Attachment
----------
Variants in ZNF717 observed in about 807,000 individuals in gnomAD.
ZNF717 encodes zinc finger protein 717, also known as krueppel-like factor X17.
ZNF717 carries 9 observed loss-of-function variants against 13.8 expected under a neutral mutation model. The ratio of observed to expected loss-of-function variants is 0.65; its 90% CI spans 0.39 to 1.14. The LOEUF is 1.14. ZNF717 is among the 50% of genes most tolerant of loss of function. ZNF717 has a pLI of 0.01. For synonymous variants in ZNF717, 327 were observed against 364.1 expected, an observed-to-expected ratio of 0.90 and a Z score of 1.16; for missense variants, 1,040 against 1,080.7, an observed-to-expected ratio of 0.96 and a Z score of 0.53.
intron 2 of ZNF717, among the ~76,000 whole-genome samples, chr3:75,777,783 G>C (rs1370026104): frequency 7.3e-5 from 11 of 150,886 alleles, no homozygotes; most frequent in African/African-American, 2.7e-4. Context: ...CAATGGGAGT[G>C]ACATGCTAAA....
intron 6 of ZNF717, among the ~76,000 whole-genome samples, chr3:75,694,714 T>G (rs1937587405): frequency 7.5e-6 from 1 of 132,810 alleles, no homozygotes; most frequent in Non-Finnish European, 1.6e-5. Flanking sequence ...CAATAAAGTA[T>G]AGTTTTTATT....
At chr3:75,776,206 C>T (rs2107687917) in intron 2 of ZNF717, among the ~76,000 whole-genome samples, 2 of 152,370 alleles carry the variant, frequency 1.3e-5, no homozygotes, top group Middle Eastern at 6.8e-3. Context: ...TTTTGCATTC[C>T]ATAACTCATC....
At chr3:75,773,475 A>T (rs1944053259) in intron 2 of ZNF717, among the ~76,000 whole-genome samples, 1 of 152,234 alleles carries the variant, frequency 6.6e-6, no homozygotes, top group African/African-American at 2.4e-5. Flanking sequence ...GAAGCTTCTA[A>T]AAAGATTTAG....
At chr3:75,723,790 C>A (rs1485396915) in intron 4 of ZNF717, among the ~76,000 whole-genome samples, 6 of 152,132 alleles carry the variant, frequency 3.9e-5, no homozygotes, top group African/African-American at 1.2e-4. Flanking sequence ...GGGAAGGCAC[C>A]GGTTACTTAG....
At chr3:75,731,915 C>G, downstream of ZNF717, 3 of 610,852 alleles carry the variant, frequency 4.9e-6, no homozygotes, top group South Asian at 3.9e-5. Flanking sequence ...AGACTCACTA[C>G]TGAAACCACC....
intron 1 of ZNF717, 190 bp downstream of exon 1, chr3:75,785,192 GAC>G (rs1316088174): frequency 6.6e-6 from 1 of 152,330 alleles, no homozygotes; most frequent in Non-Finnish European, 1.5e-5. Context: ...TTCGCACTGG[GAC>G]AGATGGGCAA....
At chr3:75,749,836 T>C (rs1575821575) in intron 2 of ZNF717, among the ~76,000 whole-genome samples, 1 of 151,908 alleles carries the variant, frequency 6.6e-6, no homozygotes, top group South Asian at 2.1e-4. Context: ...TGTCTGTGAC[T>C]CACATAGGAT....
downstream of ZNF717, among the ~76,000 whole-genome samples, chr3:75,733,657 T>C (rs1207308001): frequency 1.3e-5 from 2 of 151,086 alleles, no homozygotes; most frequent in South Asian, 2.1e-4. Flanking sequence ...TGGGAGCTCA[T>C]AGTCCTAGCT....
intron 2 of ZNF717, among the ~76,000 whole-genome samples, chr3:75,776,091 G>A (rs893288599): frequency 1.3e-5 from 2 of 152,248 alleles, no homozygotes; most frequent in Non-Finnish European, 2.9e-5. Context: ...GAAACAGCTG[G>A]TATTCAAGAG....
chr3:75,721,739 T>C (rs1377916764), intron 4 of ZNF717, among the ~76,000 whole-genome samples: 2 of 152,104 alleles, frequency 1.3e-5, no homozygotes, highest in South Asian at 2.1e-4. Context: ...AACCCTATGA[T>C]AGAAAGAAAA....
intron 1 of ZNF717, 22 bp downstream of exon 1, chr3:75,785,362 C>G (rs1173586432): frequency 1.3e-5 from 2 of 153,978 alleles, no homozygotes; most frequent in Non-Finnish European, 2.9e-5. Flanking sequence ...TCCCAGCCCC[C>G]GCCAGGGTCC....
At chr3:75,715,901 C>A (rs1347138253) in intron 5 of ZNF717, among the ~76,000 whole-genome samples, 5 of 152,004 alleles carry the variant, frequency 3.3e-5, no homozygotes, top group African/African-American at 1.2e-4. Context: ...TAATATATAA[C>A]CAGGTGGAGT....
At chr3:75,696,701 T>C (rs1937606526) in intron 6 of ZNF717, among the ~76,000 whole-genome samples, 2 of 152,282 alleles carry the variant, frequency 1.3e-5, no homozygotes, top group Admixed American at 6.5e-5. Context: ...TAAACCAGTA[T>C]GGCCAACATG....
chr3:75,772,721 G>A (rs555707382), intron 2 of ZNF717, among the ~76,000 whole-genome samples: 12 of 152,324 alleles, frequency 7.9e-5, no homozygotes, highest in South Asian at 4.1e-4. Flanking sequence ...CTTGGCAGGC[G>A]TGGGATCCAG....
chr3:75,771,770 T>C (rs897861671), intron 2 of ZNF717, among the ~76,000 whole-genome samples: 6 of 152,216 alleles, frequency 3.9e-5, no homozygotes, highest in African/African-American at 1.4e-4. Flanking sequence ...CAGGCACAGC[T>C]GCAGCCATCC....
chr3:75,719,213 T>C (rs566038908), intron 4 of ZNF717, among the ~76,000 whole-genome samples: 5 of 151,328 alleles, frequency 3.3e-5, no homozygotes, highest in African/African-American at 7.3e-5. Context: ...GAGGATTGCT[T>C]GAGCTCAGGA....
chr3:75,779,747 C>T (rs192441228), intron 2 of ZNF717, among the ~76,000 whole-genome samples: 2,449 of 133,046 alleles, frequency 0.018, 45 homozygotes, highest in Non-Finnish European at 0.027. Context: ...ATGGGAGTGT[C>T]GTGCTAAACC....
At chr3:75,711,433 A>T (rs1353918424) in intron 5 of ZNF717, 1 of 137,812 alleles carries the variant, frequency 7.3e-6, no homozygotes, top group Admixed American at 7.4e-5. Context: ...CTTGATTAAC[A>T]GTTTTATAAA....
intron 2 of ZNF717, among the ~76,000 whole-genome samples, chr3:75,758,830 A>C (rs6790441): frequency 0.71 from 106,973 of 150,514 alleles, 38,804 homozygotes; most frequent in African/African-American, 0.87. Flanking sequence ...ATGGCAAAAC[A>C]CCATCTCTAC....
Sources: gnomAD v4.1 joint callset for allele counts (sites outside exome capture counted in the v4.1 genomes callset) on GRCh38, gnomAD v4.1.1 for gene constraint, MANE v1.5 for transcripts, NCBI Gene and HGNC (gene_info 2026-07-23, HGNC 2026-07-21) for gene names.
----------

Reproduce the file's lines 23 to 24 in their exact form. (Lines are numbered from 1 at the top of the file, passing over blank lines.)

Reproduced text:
intron 2 of ZNF717, among the ~76,000 whole-genome samples, chr3:75,758,830 A>C (rs6790441): frequency 0.71 from 106,973 of 150,514 alleles, 38,804 homozygotes; most frequent in African/African-American, 0.87. Flanking sequence ...ATGGCAAAAC[A>C]CCATCTCTAC....
Sources: gnomAD v4.1 joint callset for allele counts (sites outside exome capture counted in the v4.1 genomes callset) on GRCh38, gnomAD v4.1.1 for gene constraint, MANE v1.5 for transcripts, NCBI Gene and HGNC (gene_info 2026-07-23, HGNC 2026-07-21) for gene names.